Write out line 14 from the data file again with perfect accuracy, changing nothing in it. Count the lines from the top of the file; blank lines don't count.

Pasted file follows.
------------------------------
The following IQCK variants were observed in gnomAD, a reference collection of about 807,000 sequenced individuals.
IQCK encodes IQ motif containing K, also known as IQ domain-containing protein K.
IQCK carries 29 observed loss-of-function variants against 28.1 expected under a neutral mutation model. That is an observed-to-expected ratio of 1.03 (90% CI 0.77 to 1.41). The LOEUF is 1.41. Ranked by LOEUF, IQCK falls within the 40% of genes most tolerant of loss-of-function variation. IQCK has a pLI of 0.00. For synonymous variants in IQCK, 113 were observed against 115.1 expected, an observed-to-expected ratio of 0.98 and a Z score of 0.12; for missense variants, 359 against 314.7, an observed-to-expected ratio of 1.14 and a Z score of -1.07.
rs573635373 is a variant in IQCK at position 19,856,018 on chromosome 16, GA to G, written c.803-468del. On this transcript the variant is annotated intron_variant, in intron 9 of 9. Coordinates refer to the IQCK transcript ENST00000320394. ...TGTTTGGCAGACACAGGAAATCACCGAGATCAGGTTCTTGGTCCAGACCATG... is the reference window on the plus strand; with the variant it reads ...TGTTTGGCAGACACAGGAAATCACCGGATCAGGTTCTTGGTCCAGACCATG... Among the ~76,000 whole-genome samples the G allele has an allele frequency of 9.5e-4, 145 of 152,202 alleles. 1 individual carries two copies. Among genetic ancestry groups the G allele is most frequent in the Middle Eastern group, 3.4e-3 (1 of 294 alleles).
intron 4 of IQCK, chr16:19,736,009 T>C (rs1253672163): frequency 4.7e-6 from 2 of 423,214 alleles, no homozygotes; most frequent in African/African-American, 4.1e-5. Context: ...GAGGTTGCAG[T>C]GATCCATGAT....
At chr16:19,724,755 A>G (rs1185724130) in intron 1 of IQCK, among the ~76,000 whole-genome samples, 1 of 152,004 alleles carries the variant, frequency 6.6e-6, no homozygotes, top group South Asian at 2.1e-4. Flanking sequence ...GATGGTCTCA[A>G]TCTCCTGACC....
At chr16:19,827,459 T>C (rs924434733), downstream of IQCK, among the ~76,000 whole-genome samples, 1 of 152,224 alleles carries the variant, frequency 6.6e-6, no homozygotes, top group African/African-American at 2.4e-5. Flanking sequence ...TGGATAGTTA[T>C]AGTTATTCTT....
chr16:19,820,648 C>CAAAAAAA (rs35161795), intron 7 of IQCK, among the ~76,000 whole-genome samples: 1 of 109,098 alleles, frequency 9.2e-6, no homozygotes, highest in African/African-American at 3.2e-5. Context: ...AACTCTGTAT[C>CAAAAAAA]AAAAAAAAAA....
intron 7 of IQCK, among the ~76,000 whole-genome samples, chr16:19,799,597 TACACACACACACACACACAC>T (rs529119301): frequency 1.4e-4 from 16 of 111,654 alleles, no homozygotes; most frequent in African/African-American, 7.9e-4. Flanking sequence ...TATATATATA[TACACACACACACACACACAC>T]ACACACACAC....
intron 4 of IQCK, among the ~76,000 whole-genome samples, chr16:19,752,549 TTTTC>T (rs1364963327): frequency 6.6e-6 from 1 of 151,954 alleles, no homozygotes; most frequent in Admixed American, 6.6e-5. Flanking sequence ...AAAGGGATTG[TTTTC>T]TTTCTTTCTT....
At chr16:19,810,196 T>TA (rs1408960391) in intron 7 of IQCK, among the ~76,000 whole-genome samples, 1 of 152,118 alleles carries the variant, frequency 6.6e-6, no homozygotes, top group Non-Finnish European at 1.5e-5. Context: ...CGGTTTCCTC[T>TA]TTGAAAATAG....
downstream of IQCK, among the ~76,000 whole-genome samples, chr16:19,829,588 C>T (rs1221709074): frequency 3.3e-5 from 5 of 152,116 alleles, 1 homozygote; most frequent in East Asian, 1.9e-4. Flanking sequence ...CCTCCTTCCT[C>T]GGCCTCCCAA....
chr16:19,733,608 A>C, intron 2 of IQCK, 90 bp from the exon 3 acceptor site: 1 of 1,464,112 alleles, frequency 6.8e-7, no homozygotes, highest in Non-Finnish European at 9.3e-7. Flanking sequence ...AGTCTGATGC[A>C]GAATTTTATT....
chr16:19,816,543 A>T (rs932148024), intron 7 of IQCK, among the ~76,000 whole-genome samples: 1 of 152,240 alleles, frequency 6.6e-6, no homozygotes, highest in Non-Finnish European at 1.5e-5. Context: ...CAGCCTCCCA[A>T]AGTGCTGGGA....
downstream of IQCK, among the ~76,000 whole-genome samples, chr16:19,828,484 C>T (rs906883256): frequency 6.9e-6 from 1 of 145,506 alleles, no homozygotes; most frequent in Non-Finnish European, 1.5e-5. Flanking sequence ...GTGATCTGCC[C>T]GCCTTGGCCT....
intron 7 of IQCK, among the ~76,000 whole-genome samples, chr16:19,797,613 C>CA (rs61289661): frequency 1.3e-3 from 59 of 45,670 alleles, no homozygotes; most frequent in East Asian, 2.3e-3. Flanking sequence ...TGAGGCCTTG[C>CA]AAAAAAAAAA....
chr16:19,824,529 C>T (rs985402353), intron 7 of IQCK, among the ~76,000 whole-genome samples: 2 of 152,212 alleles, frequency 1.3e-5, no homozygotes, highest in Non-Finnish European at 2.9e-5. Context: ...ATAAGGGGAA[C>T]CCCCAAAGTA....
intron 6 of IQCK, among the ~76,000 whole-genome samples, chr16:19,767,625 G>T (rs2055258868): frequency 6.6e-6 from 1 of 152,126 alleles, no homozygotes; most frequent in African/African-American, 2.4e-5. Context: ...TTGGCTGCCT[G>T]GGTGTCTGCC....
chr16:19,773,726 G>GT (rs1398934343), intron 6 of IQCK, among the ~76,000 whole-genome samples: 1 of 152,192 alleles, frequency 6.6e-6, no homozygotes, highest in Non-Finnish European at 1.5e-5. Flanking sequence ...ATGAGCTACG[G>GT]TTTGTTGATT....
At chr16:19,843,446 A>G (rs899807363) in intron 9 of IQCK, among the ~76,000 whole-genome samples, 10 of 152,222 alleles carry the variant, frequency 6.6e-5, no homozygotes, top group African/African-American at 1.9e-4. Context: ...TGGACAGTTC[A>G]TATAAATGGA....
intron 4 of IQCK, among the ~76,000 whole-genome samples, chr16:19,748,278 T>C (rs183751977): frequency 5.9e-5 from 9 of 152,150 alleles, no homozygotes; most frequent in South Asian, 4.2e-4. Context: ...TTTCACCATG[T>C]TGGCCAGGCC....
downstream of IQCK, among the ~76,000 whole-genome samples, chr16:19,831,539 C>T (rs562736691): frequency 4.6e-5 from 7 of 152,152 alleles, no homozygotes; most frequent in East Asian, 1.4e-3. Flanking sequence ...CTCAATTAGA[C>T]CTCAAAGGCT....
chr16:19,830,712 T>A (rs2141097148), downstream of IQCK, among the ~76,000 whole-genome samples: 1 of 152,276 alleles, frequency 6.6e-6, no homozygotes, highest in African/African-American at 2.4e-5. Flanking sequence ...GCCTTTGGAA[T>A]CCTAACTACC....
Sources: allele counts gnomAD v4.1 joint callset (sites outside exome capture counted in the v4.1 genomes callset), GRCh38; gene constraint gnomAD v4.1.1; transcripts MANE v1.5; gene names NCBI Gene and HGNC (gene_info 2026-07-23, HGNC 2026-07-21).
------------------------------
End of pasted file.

chr16:19,816,543 A>T (rs932148024), intron 7 of IQCK, among the ~76,000 whole-genome samples: 1 of 152,240 alleles, frequency 6.6e-6, no homozygotes, highest in Non-Finnish European at 1.5e-5. Context: ...CAGCCTCCCA[A>T]AGTGCTGGGA....